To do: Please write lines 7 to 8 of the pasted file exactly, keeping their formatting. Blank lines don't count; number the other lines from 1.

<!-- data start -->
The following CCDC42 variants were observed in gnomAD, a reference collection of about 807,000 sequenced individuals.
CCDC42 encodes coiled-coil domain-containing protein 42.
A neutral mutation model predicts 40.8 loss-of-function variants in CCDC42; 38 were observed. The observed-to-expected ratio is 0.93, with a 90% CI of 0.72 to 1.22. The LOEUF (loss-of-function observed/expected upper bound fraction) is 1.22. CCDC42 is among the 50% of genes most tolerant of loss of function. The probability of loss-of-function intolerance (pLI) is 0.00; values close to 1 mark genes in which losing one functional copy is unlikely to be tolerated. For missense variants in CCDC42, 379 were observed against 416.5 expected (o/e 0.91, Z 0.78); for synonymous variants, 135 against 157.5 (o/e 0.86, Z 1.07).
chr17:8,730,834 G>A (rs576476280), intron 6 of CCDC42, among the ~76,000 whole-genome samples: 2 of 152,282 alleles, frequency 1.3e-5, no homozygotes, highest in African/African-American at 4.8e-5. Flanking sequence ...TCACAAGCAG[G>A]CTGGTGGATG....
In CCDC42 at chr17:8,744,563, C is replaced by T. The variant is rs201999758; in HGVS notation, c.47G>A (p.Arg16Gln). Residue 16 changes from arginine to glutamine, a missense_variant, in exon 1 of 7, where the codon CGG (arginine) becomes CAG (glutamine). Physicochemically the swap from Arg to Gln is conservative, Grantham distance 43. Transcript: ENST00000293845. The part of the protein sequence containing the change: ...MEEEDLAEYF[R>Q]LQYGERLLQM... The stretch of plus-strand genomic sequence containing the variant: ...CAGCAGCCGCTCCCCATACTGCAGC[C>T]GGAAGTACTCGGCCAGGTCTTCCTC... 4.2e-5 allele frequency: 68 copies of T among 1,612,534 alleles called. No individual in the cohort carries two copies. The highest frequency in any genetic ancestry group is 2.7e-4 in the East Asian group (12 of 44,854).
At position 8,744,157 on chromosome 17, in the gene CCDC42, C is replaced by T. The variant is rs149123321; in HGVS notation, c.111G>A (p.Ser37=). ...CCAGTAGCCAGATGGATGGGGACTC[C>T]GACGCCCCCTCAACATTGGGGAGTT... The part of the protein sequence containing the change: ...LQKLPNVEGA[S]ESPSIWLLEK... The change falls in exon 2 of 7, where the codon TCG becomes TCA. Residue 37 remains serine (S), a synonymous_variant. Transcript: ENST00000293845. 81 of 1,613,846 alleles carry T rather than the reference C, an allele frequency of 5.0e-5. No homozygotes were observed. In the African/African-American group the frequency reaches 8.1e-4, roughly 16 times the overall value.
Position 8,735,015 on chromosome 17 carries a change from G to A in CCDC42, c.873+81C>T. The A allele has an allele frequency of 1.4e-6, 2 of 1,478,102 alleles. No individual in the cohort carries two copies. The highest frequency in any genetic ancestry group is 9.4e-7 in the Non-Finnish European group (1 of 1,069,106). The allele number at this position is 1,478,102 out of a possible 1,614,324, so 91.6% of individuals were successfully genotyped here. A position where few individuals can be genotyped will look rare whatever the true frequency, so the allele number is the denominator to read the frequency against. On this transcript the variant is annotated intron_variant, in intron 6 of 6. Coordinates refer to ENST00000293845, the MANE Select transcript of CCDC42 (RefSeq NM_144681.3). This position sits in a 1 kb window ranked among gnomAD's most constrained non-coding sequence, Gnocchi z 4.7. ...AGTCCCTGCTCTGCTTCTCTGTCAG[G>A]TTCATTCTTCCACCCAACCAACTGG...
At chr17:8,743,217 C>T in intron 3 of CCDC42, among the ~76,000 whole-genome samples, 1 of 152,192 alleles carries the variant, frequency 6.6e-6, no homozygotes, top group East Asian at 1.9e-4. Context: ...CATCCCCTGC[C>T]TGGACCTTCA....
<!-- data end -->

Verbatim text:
Position 8,735,015 on chromosome 17 carries a change from G to A in CCDC42, c.873+81C>T. The A allele has an allele frequency of 1.4e-6, 2 of 1,478,102 alleles. No individual in the cohort carries two copies. The highest frequency in any genetic ancestry group is 9.4e-7 in the Non-Finnish European group (1 of 1,069,106). The allele number at this position is 1,478,102 out of a possible 1,614,324, so 91.6% of individuals were successfully genotyped here. A position where few individuals can be genotyped will look rare whatever the true frequency, so the allele number is the denominator to read the frequency against. On this transcript the variant is annotated intron_variant, in intron 6 of 6. Coordinates refer to ENST00000293845, the MANE Select transcript of CCDC42 (RefSeq NM_144681.3). This position sits in a 1 kb window ranked among gnomAD's most constrained non-coding sequence, Gnocchi z 4.7. ...AGTCCCTGCTCTGCTTCTCTGTCAG[G>A]TTCATTCTTCCACCCAACCAACTGG...
At chr17:8,743,217 C>T in intron 3 of CCDC42, among the ~76,000 whole-genome samples, 1 of 152,192 alleles carries the variant, frequency 6.6e-6, no homozygotes, top group East Asian at 1.9e-4. Context: ...CATCCCCTGC[C>T]TGGACCTTCA....